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Shaping the UK’s Post-Brexit Work Immigration System – what our members said

Shaping the UK’s Post-Brexit Work Immigration System – what our members said


The team here at the National Care Forum would like to thank all our members who submitted evidence through our survey, a summary of which is below. We have now presented your views to the Migration Advisory Committee (MAC) as part of their consultation on potential future salary thresholds and an ‘Australian-style’ points-based system post-Brexit for workers from overseas. The MAC is now analysing the feedback we and other organisations have provided. We will let you know as soon as the committee has published its findings.

The MAC has already acknowledged the recruitment and retention issues faced by the social care sector and we would expect these to be fully considered in its response to the Home Office. Indeed, as Skills for Care’s most recent data shows, there are currently 122,000 vacancies and a turnover of 30.8% in the sector in England. It is therefore critical, now more than ever, that the social care sector has its voice heard by our politicians in light of these workforce pressures. As the General Election campaign gets into full swing, and different parties make big spending promises on a whole range of areas, we have an opportunity to make the voice of the social care sector heard. Indeed, we’re currently hearing quite a lot of promises about the NHS’s workforce and a post-Brexit ‘NHS Visa’ but very little about an adult social care counterpart. Social care needs to be treated in parity to the NHS.

As your evidence shows, the sector expects social care providers to have the option of recruiting care workers from overseas using salary thresholds that align with the national minimum wage. Any special treatment given to the NHS needs to be applied to Health and Social Care if a crisis is to be avoided.

The National Care Forum is calling on all our members to make some noise over the next few weeks about recruitment and retention pressures in the sector and concerns surrounding post-Brexit immigration system arrangements. There are many ways you can do this, including attending local hustings or inviting politicians into your homes to get to know your services. Make yourselves impossible to ignore in this campaign and let us know what you are doing!

What you told us:

Salary Thresholds for overseas workers

– The majority of respondents strongly agreed that there should not be a minimum salary threshold above the legal requirement.
– If introduced, many respondents felt that salary thresholds needed to be responsive to reflect employer needs.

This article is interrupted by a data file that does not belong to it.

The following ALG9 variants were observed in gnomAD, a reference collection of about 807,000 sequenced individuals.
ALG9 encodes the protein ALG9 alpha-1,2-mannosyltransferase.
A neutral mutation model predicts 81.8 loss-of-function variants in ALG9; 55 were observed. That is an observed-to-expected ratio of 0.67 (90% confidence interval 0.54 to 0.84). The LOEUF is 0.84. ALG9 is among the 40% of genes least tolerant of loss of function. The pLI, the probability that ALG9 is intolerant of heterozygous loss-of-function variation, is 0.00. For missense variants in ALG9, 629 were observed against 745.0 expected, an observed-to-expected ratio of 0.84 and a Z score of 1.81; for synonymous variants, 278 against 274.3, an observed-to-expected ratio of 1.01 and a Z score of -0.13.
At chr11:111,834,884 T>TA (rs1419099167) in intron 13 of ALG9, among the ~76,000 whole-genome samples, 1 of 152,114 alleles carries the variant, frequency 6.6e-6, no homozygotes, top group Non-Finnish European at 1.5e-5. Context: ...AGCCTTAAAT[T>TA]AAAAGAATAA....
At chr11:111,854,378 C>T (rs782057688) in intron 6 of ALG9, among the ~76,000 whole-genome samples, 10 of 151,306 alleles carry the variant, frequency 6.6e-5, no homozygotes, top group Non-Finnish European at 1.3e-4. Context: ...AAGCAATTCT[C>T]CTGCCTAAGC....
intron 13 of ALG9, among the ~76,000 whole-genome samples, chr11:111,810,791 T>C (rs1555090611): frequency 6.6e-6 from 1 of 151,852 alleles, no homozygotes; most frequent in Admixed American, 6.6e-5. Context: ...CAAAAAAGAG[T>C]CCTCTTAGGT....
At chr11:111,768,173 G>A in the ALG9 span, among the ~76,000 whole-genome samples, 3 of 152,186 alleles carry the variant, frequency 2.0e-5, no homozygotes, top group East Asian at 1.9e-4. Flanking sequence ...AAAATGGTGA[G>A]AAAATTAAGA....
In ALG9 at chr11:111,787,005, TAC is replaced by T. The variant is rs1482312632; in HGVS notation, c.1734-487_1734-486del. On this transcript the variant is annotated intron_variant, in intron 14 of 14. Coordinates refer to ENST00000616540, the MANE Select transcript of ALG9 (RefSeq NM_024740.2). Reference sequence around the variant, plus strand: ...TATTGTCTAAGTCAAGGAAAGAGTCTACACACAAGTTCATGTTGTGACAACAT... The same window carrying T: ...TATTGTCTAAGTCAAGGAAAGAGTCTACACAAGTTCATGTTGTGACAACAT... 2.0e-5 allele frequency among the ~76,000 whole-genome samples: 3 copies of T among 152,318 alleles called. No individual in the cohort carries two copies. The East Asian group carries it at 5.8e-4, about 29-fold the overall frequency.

– Respondents strongly agreed that a minimum salary requirement for an experienced full-time employee of £30,000 was too high to be financially viable and raised issues about differentials in pay grades.
– The majority of respondents felt that jobs judged to be in shortage should have lower salary thresholds compared to those not in shortage.

Tier 2 (General) Visa

– The majority of respondents have recruited workers from EEA countries (outside the UK/Ireland) or from non-EEA countries over the last five years.
– The majority of respondents plan to continue to recruit workers from both EEA countries (outside the UK/Ireland) or from non-EEA countries over the next 12 months.
– The majority of respondents do not know if their Tier 2 (General) visa workers are eligible for, or have applied for, settlement status.
A large number of respondents reported issues in attempting to use the Tier 2 (General) Visa system both in relation to salary requirements and more generally. Some of this is down to knowledge of the system but it is more often down to pay.
While all respondents pay the National Living Wage, and in many cases pay higher than the NLW, these salary rates do not meet the threshold for Tier 2 (General) Visas. This is also the case for respondents paying the Real Living Wage. Other issues reported include quota restrictions and the complexity of the Tier 2 (General) Visa system making it difficult to use in practice.

‘Australian’ Points-Based System

Respondents were very clear that their top four most important characteristics in awarding points within such a system were:
1. Priority Occupation
2. Work Experience
3. Language Proficiency
4. Having a job Offer

Respondents said that the age of the worker was the least important characteristic.

Considering the scale of such a system and the changes it would bring, the National Care Forum expressed surprise to the MAC that there was only one question in their consultation on this topic. We have asked the MAC for further opportunities to input into the work of the commission on exploring the potential of a UK version of a points-based immigration system.

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